Decision-makers should put in place backup power with safeguards including computer-security measures so that the system offers round-the-clock power and is protected from all sorts of disruptions.
India is reportedly the third-largest electricity producer and consumer in the world after the US and China. However, an estimated 28% of the energy generated in India is lost during transmission or stolen. Also peak supply falls short and frequent power outages last for hours in many regions of the country. So the domestic backup power market has boomed in terms of demand in the last few years due to the demand-supply gap in power distribution. The power backup sector can broadly be categorised into four broad segments of uninterrupted power supply (UPS), diesel generators (DGs), inverters and batteries.
Also as per a KPMG report, about 300,000 telecom towers in India daily face outages. So, telecom network operators rely on diesel gensets and lead-acid batteries for backup power, resulting in consumption of over 475 million gallons (1.8 billion litres) of diesel annually, with the attendant negative greenhouse gas impact.
The increase in demand for diesel gensets is due to unreliable power and in some cases, due to the lack of access to grid electricity. Various critical end-user industries such as hospitals, airports, data centres, manufacturing facilities, water and sewage facilities, etc, require continuous power supply for ensuring seamless operation, apart from call centres, luxury hotels, apartments, etc.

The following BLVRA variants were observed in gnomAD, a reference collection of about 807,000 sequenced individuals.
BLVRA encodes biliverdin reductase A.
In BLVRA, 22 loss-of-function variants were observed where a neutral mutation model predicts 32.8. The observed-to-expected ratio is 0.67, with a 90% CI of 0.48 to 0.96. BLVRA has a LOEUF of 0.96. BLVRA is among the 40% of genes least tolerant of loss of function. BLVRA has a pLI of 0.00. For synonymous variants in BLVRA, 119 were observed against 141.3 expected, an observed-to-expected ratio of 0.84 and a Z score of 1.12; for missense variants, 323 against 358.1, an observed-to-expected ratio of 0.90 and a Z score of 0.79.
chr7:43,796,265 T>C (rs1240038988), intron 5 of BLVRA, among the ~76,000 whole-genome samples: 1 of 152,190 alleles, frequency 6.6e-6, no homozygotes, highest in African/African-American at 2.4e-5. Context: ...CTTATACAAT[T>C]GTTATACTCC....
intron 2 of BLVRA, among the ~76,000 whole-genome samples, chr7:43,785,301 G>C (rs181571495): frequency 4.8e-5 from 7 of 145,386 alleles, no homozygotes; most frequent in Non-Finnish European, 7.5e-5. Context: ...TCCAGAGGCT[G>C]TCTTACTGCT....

The global market for diesel gensets is largely dominated by the Asia-Pacific region due to rapid urbanisation and industrialisation, with China and India emerging as the largest revenue contributing countries in the region’s diesel genset market. The market has been sluggish in the last few years but as per the TechSci Research report, the global market for diesel gensets is projected to reach USD 19.9 billion by 2019. Factors cited as drivers for this growth are the power demand-supply gap, rising telecom infrastructure, increasing investments in manufacturing, construction etc, expansion of public infrastructure, ‘Make in India’ campaign and smart cities project. Commenting on the market potential of DGs and inverters in India Rudranil Roy Sharma, GM and Head (Energy Practice), Feedback Business Consulting Services Pvt Ltd, said, “FY’16 DG set market can be estimated at approximately Rs 5,600 - Rs 5,800 crore by value and 8 - 8.5 GW by capacity. LHP DG sets (up to 160 KVA), MHP DG sets (180 - 500 KVA) and HHP DG Sets (>500 KVA) account for approximately 50%, 25% and 25% share of this market respectively. The DG set market was stagnant since the last couple of years due to a change in emission norms by the government which made gensets more expensive and due to industrial and construction slowdown. Power sensitive segments like hotels, hospitals, IT parks, data centres, telcos and some process industries will continue to be the biggest users of DG sets. Offshore exploration platforms and the shipping industry, where availability of power remains a key concern, will always require gensets (not for backup power but for base-load). Construction sites, where the grid is yet to reach, will continue using DG sets. The mining segment is also a key user of DG sets. FY’16 inverter market can be estimated at approximately Rs 3,250 crore by value and approximately 6.6 mn units by volume. 0.5 KVA - 1.5 KVA are the fast-moving range... Many inverter manufacturers have seen subdued growth in the past years primarily due to lack of business sentiment and lower real estate growth. Improved power situation on the ground has also contributed to this.”
Diesel usage and emissions
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